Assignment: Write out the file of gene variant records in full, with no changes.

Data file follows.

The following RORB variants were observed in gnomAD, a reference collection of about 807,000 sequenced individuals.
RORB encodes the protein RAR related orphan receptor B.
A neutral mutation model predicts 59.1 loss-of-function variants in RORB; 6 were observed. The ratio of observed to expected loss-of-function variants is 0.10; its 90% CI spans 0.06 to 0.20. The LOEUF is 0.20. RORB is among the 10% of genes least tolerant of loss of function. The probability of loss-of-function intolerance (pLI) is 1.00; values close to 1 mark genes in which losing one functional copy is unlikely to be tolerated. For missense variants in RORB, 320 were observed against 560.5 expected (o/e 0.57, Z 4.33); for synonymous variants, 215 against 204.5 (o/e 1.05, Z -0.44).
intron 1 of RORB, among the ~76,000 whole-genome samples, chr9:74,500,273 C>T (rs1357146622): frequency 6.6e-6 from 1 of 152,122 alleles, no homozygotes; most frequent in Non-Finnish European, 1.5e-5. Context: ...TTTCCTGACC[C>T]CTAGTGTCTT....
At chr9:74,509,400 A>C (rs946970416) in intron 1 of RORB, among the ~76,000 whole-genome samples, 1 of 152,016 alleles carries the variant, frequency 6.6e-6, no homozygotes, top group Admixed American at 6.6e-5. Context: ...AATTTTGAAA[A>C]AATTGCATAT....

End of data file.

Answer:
The following RORB variants were observed in gnomAD, a reference collection of about 807,000 sequenced individuals.
RORB encodes the protein RAR related orphan receptor B.
A neutral mutation model predicts 59.1 loss-of-function variants in RORB; 6 were observed. The ratio of observed to expected loss-of-function variants is 0.10; its 90% CI spans 0.06 to 0.20. The LOEUF is 0.20. RORB is among the 10% of genes least tolerant of loss of function. The probability of loss-of-function intolerance (pLI) is 1.00; values close to 1 mark genes in which losing one functional copy is unlikely to be tolerated. For missense variants in RORB, 320 were observed against 560.5 expected (o/e 0.57, Z 4.33); for synonymous variants, 215 against 204.5 (o/e 1.05, Z -0.44).
intron 1 of RORB, among the ~76,000 whole-genome samples, chr9:74,500,273 C>T (rs1357146622): frequency 6.6e-6 from 1 of 152,122 alleles, no homozygotes; most frequent in Non-Finnish European, 1.5e-5. Context: ...TTTCCTGACC[C>T]CTAGTGTCTT....
At chr9:74,509,400 A>C (rs946970416) in intron 1 of RORB, among the ~76,000 whole-genome samples, 1 of 152,016 alleles carries the variant, frequency 6.6e-6, no homozygotes, top group Admixed American at 6.6e-5. Context: ...AATTTTGAAA[A>C]AATTGCATAT....